The Bere Alston & Callington Railway
Plymouth Devonport & South Western Junction Railway
BR Southern Region
Line Closed Beyond Gunnislake
A POTTED HISTORY
Bere Alston station opened 2 June 1890, built by the Plymouth, Devonport and South Western Junction Railway (PD&SWJR) as part of the company's line from Lydford to Devonport. Being in effect an extension of the London and South Western Railway's main line from London Waterloo it made it possible for the LSWR to reach Plymouth independently of the Great Western Railway and as such was immediately leased to the LSWR.
It was not until after the Light Railways Act was passed in 1896 which enabled railways to be built with less costly red tape and equally less costly engineering standards required that the PD&SWJR looked into a branch line to Calstock to connect to the East Cornwall Mineral Railway (ECMR), a 1,067 mm (3 ft 6 in) railway line, opened in 1872 to connect mines and quarries in the Callington and Gunnislake areas in east Cornwall with shipping at Calstock on the River Tamar.
The Bere Alston and Calstock Light Railway Order was confirmed by the Board of Trade on 12 July 1900. The Order also included authorisation for the acquisition of the ECMR line and its operation as a passenger light railway, except the rope-worked incline. It was intended that the gauge would remain 1,067 mm (3 ft 6 in), but in finance proved impossible to obtain. Eventually the LSWR was persuaded to guarantee borrowings.
The Bere Alston and Calstock Railway (BA&CR) was formed as a subsidiary of the PD&SWJR, and a new Act of 23 June 1902 authorised it to build the connecting line and to acquire the East Cornwall line.
The upgrading of the ECMR was to be carried out under the General Manager of the ECMR, Capt. Sowton who had been in post since 1883. The PD&SWJR board soon realised that he lacked light railway expertise so they agreed to employ an engineer with the relevant experience to advise and work with Capt. Sowton. Col. Holman Fred Stephens was approached and in 1904 became a consultant engineer to the PD&SWJR. In 1905 the board decided to convert the line to standard gauge (probably on advice from Stephens).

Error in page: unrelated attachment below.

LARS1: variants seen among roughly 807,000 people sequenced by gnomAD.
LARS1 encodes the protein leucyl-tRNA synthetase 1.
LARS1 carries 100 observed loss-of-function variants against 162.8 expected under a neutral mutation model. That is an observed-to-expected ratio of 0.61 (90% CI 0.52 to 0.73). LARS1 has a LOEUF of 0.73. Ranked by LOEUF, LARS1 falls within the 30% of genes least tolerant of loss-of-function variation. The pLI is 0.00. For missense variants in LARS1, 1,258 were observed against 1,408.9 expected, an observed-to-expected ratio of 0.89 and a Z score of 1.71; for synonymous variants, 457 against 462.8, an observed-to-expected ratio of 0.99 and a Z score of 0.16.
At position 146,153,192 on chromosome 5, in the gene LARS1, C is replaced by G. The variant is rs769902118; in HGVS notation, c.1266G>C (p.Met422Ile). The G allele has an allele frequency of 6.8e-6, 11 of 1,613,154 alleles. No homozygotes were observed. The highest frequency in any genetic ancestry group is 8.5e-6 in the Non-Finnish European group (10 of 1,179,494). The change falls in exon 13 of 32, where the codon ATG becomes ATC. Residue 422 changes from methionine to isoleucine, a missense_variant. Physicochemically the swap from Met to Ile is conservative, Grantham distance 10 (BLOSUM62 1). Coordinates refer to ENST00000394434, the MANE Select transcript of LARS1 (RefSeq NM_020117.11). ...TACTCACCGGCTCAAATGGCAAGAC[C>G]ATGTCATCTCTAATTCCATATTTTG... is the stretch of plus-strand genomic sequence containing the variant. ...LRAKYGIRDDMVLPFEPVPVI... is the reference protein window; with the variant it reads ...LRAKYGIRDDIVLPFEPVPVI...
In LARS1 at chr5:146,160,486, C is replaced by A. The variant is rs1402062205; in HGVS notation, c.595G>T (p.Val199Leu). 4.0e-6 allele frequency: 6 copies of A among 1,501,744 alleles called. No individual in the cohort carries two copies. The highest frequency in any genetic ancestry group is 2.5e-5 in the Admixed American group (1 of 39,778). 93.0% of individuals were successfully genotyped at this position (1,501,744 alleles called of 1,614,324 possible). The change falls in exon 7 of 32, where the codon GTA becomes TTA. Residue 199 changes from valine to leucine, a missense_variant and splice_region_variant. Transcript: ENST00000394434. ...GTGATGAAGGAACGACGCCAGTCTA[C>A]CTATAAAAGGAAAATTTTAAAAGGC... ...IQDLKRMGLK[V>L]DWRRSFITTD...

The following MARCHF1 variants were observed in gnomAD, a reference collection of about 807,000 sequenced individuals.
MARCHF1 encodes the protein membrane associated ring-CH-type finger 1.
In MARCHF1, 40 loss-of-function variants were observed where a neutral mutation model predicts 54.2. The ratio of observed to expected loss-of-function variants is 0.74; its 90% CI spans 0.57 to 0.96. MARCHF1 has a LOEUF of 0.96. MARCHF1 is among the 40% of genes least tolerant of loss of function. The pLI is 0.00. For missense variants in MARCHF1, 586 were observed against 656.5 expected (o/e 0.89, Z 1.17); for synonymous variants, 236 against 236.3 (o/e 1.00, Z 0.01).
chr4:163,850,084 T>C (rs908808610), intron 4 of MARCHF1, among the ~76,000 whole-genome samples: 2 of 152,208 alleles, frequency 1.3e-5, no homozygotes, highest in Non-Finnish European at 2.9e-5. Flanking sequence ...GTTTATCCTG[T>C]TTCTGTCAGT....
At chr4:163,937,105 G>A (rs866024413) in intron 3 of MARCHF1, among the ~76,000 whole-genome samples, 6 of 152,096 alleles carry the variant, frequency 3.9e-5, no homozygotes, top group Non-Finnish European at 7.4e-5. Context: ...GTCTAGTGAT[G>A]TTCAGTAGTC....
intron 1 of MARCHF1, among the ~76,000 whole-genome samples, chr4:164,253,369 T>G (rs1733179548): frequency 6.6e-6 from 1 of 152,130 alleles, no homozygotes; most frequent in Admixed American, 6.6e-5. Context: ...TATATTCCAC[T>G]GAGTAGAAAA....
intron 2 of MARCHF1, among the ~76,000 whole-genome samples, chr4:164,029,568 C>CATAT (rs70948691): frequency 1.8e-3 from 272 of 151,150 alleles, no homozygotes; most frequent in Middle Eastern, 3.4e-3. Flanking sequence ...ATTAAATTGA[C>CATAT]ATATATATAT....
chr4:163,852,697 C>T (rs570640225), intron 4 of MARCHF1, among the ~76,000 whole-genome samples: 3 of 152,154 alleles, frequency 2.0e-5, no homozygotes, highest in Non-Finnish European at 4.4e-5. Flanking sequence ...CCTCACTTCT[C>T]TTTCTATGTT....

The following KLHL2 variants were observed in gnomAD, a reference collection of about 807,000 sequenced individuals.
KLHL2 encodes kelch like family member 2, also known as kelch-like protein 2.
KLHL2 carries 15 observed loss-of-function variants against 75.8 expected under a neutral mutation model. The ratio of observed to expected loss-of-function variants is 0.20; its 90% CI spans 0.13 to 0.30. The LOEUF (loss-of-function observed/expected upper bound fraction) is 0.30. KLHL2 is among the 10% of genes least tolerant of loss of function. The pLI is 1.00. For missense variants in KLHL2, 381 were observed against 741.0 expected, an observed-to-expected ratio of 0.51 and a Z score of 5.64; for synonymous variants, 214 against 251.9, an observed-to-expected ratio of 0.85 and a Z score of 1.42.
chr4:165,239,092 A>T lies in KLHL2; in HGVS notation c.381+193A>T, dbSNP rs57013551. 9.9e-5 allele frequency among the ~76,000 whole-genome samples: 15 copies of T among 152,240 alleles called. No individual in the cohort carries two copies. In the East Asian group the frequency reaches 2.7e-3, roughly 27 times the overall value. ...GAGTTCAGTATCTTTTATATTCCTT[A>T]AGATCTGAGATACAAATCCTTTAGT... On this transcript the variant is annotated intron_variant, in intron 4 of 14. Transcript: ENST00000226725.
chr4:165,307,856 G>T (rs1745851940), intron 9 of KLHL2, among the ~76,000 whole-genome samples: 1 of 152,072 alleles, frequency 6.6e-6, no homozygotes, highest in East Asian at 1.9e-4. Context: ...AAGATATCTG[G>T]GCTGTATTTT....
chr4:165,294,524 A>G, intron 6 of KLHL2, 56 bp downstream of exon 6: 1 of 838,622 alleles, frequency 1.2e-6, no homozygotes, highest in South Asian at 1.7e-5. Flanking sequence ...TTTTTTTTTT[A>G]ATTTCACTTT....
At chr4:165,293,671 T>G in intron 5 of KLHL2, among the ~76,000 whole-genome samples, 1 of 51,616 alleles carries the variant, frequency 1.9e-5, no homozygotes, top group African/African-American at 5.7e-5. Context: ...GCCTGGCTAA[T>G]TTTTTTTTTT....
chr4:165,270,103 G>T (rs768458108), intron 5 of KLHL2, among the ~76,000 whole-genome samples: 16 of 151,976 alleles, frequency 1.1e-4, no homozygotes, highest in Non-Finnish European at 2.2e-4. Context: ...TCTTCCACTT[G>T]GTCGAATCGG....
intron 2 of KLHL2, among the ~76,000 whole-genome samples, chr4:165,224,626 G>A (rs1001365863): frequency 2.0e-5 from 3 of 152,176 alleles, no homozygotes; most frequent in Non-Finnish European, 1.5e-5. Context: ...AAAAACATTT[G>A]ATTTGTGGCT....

Colonel Stephens went on to become a celebrated pioneer of the light rail branch line. More information about him, the BA&CR and his other railways along with unique photos can be found on the web site Colonel Stephens Society.
The Bere Alston to Callington line, although owned by the BA&CR, was always a subsidiary of the PD&WJR, and as a result worked by the PD&SWJR.
The new line from Bere Alston to Callington opened throughout to passengers and freight traffic on 2 March 1908. Regauging and some realignment of the ECMR line having been undertaken in 1907-1908; ordinary traffic was only interrupted for two days during the conversion.
The main line of the PD&SWJR was worked by the LSWR, becoming outwardly part of the main line network, the PD&SWJR worked the branch itself and continued to operate the line itself, remaining independent until the "Grouping" of railways on 1 January 1923, when it became part of the Southern Railway, and later British Railways.
The freight element of the ECMR line remained an intrinsic part of the branch, although the incline at Calstock was abandoned. As the PD&SWJR branch crossed the Tamar at a high level on viaduct, a wagon lift was provided there to continue access to the quay.
The line from Okehampton to Bere Alston was closed on 6 May 1968 (as a result of the Beeching Axe), which left just the Gunnislake service running through from Plymouth and reversing at Bere Alston. This had also been threatened with closure, but retained due to the local topography & poor nature of the local road network (though the last section to Callington had closed in November 1966). The line from Plymouth was reduced to just a single track on 7 September 1970 and the junction changed to allow the train guard to operate the points.
On 18 March 2008 Devon County Council backed a proposal by developers Kilbride Community Rail to construct 750 houses in Tavistock that includes reopening the 5 1⁄2 miles (9 km) line from Bere Alston to a new Tavistock railway station at a cost of £18.5million. There have also been proposals put forward to reopen the entire route through to Okehampton and Exeter St Davids as a diversionary/relief route to maintain the rail link between Plymouth and Cornwall and the rest of the UK should the coastal main line via Dawlish be blocked by bad weather, as was the case in early 2014.
It is felt that in some quarters that the proposed reopening of the Bere Alston to a new station at Tavistock, would improved the line services considerably and would change the dynamics of the area and necesitate more frequent services and improved park & ride facilities at both Bere Alston and Tavistock.
Rather than then deminish the importance of the Gunnislake branch a company called Ecorail ltd and advocate of reinstating the missing section of the former LSWR AS EARLY AS 2012, before the sea wall at Dawlish was washed away, is proposing reopening the third platform at Bere Alston and running the resultant branch line as a modern hybrid light rail operation doubling the frequency of trains and metting the trains at Bere Alston.
The proposed changing of trains would not be any more time consuming than the current train reversal in the current timetable.